I think foreach should never call opSlice. That's not in the online documentation (http://dlang.org/statement.html#ForeachStatement), unless I missed something. If you want to use foreach on a class with an opSlice, then yes, you should define opApply. Otherwise, the user have to call opSlice himself, which seems reasonable. That's how I understand the doc. -- Christophe
Jul 11 2012
parent reply travert phare.normalesup.org (Christophe Travert) writes:
"monarch_dodra" , dans le message (digitalmars.D:171902), a écrit :
 I just re-read the docs you linked to, and if that was my only 
 source, I'd reach the same conclusion as you.

I think the reference spec for D should be the community driven and widely available website, not a commercial book. But that's not the issue here.
 however, my "The D 
 Programming Language", states:
 *12: Operator Overloading
 **9: Overloading foreach
 ***1: foreach with Iteration Primitives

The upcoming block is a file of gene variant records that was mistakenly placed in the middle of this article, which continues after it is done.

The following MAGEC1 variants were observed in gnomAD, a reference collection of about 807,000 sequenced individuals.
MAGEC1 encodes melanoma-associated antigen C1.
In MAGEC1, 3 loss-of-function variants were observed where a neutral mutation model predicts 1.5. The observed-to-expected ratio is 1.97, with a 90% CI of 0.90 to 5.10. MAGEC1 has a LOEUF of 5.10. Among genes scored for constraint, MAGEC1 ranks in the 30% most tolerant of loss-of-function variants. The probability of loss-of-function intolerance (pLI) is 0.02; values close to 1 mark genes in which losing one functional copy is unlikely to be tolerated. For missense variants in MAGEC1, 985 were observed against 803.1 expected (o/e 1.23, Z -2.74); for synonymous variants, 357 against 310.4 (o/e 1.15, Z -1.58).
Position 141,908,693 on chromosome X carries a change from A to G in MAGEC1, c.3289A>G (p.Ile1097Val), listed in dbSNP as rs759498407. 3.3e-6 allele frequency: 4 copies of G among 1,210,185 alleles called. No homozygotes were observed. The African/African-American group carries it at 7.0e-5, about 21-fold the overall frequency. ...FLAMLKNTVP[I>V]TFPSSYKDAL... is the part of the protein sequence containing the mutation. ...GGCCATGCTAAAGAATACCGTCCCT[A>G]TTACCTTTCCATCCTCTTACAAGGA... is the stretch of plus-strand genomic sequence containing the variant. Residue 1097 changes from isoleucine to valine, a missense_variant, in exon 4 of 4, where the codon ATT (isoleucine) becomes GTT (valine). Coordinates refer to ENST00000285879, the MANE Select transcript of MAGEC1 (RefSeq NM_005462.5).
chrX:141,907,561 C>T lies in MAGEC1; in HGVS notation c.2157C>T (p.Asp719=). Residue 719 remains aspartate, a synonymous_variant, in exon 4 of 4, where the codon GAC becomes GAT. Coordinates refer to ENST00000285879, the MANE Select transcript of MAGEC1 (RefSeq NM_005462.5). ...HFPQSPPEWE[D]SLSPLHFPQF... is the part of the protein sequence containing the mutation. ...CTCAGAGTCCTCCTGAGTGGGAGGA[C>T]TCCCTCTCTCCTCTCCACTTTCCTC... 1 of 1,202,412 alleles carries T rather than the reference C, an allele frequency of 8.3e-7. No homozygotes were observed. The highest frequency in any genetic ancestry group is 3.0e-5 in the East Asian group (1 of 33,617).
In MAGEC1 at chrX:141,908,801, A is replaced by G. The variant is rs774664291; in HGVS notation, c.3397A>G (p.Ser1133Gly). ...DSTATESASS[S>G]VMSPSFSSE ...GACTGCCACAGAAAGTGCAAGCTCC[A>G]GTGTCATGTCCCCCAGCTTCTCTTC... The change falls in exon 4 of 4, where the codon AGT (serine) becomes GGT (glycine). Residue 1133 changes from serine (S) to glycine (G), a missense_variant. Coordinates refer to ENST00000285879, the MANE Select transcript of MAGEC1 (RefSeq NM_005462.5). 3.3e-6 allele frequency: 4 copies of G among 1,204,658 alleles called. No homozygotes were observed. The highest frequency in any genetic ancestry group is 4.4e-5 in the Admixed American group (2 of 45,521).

"Last but not least, if the iterated object offers the slice 
 operator with no arguments lst[], __c is initialized with lst[] 
 instead of lst. This is in order to allow ?extracting? the 
 iteration means out of a container without requiring the 
 container to define the three iteration primitives."
 
 Another thing I find strange about the doc is: "If the foreach 
 range properties do not exist, the opApply method will be used 
 instead." This sounds backwards to me.

Skipping the last paragraph, a reasonable interpretation would be that foreach try to use, in order of preference: - for each over array - opApply - the three range primitives (preferably four if we include save) - opSlice (iteration on the result of opSlice is determined by the same system). opApply should come first, since if someone defines opApply, he or she obviously wants to override the range primitive iteration. opApply and range primitives may be reached via an alias this. opSlice is called only if no way to iterate the struct/class is found. I would not complain if the fourth rule didn't exist, because it's not described in dlang.org, but it is a reasonable feature that have be taken from TDPL (but then it should be added in dlang.org). This way, if arr is a container that defines an opSlice, and that does not define an opApply, and does not define range primitives: foreach (a, arr) ... and foreach (a, arr[]) ... should be stricly equivalent. Since the first is translated into the second. Both work only if arr[] is iterable. I think you hit a bug. -- Christophe